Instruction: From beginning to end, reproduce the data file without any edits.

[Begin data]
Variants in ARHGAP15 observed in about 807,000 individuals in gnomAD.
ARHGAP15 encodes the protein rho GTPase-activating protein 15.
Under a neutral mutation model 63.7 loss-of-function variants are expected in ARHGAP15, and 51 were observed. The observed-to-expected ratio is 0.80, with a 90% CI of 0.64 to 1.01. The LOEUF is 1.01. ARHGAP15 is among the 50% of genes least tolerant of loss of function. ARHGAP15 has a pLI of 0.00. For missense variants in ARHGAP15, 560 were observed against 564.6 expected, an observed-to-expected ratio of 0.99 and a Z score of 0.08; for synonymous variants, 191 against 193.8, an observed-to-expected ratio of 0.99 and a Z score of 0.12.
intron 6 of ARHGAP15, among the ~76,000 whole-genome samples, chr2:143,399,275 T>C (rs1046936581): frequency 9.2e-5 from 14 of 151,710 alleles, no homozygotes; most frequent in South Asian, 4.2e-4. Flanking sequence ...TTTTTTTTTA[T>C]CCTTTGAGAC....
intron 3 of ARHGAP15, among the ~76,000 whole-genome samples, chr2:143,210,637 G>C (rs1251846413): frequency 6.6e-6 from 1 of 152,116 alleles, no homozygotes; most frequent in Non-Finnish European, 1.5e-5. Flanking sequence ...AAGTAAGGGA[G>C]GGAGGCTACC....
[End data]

Variants in ARHGAP15 observed in about 807,000 individuals in gnomAD.
ARHGAP15 encodes the protein rho GTPase-activating protein 15.
Under a neutral mutation model 63.7 loss-of-function variants are expected in ARHGAP15, and 51 were observed. The observed-to-expected ratio is 0.80, with a 90% CI of 0.64 to 1.01. The LOEUF is 1.01. ARHGAP15 is among the 50% of genes least tolerant of loss of function. ARHGAP15 has a pLI of 0.00. For missense variants in ARHGAP15, 560 were observed against 564.6 expected, an observed-to-expected ratio of 0.99 and a Z score of 0.08; for synonymous variants, 191 against 193.8, an observed-to-expected ratio of 0.99 and a Z score of 0.12.
intron 6 of ARHGAP15, among the ~76,000 whole-genome samples, chr2:143,399,275 T>C (rs1046936581): frequency 9.2e-5 from 14 of 151,710 alleles, no homozygotes; most frequent in South Asian, 4.2e-4. Flanking sequence ...TTTTTTTTTA[T>C]CCTTTGAGAC....
intron 3 of ARHGAP15, among the ~76,000 whole-genome samples, chr2:143,210,637 G>C (rs1251846413): frequency 6.6e-6 from 1 of 152,116 alleles, no homozygotes; most frequent in Non-Finnish European, 1.5e-5. Flanking sequence ...AAGTAAGGGA[G>C]GGAGGCTACC....